• Sure lots of people have. Hopefully they'll be along to advise.

  • Hi nannyjc. I was diagnosed with steroid induced diabetes the month after I started steroids (40mg). The first year on steroids was very difficult to reduce my blood sugar levels despite change of diet and 2 different diabetes medications 3 times a day. However once I reduced to about 13 mg my blood sugars reduced along with blood pressure and cholesterol. All these things were normal prior to steroids. However steroids did save my sight and do help with the pain with PMR. My neurologist seems to think I will be on steroids for life so just need to accept that and live with the many side effects and Diabetes is just one of many.

  • Thank you for caring. My list of steroid induced problems is so long I really do not want to add diabetes to it!!

  • Hi

    Diabetes runs in my family so I have always been very careful however blood sugars are very high at present .

    Can I ask if you eat a lot of fruit I know I did on Slimming World however since stopping eating fruit I have lost a few pounds and sugar levels gone down slightly.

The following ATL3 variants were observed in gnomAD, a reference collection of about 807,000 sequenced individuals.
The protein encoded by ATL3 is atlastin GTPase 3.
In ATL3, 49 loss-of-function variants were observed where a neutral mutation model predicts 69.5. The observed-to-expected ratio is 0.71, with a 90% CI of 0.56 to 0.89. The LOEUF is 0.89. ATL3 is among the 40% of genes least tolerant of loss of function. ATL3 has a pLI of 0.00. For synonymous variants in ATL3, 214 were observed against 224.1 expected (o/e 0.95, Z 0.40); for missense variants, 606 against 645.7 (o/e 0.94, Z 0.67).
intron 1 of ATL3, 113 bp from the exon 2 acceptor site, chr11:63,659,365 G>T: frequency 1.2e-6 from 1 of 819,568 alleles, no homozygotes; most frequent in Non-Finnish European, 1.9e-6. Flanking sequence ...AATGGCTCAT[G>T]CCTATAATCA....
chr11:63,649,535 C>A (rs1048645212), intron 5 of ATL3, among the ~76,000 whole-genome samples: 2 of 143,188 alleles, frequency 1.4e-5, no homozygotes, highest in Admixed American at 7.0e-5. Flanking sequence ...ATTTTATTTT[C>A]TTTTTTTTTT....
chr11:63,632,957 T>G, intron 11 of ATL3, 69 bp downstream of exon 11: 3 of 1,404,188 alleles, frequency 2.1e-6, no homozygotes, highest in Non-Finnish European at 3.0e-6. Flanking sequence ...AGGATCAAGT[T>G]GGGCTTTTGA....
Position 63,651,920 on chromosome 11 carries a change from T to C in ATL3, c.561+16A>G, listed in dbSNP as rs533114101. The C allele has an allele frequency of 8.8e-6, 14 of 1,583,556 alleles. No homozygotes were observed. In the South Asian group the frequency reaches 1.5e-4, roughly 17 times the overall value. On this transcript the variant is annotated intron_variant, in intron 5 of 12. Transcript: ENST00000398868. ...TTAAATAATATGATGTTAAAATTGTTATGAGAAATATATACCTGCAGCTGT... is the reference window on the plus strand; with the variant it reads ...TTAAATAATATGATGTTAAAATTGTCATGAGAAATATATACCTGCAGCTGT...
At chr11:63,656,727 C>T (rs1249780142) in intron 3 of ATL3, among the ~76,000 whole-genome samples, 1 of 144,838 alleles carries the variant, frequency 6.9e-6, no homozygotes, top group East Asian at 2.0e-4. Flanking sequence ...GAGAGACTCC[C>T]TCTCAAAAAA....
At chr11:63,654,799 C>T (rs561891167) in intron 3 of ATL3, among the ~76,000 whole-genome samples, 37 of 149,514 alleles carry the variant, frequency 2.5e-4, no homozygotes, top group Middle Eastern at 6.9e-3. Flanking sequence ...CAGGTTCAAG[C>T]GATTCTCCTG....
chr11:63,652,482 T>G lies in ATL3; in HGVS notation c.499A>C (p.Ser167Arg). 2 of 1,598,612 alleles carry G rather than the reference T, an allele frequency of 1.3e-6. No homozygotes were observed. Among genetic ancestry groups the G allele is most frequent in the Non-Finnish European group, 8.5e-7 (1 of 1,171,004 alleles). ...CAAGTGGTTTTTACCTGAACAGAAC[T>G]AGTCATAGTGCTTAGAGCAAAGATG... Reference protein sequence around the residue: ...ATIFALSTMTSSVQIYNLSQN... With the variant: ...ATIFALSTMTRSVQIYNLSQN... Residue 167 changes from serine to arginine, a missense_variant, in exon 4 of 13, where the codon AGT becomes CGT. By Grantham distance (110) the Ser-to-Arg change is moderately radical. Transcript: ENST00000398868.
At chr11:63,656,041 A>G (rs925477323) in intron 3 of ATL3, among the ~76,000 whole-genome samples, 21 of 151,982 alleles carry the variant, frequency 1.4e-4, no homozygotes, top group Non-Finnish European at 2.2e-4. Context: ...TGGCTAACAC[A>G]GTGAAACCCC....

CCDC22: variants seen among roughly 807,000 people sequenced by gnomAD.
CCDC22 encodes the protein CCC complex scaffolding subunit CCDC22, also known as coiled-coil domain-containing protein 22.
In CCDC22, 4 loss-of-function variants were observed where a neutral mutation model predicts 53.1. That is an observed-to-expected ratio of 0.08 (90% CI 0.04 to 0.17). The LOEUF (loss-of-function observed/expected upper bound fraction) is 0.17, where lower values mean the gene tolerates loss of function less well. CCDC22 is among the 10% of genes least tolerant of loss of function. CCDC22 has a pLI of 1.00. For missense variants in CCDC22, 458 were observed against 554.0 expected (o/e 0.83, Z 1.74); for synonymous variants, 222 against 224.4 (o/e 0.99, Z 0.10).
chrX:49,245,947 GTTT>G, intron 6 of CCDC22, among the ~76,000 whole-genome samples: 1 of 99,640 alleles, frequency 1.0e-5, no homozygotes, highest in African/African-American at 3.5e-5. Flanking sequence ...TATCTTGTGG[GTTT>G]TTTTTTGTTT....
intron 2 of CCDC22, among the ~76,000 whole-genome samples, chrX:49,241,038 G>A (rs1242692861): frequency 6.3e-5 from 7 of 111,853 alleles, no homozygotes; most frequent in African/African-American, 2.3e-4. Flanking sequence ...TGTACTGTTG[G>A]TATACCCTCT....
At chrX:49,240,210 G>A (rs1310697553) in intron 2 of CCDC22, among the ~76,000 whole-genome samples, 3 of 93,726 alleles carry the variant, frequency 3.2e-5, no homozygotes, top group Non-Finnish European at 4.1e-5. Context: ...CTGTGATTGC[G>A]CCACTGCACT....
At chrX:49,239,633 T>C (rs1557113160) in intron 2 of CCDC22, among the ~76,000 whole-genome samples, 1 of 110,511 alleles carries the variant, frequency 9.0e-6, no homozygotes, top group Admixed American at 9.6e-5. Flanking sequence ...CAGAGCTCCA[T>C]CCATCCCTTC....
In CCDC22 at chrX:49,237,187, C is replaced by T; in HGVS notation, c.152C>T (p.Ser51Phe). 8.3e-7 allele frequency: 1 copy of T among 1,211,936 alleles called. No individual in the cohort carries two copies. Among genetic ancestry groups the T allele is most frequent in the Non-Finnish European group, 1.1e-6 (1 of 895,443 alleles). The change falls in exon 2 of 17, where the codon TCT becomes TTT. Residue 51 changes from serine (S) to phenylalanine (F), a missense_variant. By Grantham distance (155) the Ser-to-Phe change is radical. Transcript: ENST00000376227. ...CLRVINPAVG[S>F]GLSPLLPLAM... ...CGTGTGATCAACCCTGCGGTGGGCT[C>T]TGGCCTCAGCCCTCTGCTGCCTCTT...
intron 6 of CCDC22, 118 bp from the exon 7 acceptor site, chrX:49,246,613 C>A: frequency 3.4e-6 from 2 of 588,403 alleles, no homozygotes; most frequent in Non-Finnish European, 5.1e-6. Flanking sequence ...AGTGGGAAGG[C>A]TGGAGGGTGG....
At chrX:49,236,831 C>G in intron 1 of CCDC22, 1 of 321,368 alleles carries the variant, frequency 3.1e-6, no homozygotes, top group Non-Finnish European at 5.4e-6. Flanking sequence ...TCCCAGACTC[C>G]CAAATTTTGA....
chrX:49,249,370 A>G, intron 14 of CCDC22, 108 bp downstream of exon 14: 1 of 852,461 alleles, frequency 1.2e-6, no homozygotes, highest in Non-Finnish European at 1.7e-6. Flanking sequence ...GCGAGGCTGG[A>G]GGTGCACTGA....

Rose

  • Fruit, lovely and healthy though it is, does have a lot of sugar and however you want to look at it: sugar is sugar when it comes to carbs, weight gain/loss and blood sugar!

  • Thanks. Yes I do eat a lot of fruit, in preference to other high Smart Point snacks. I will take advice.

  • Apples, bananas and grapes are particularly bad in that sense - berries are better. But carrots and cucumber peeled and chopped into sticks and kept in a box in the fridge are better to snack on. Of course - by far the best is to learn not to snack and restrict food to mealtimes.

    Often if you feel "hungry" you aren't really, you are thirsty. A good habit to get into is to get a drink first and go and do something else - 15 mins later you may well realise you aren't hungry any more! And of course - drinks shouldn't be fruit juices or sweetened. Water is best or teas without any sweetener - even artificial ones can induce insulin spikes.

  • What are the symptoms of diabetes caused by prednisone?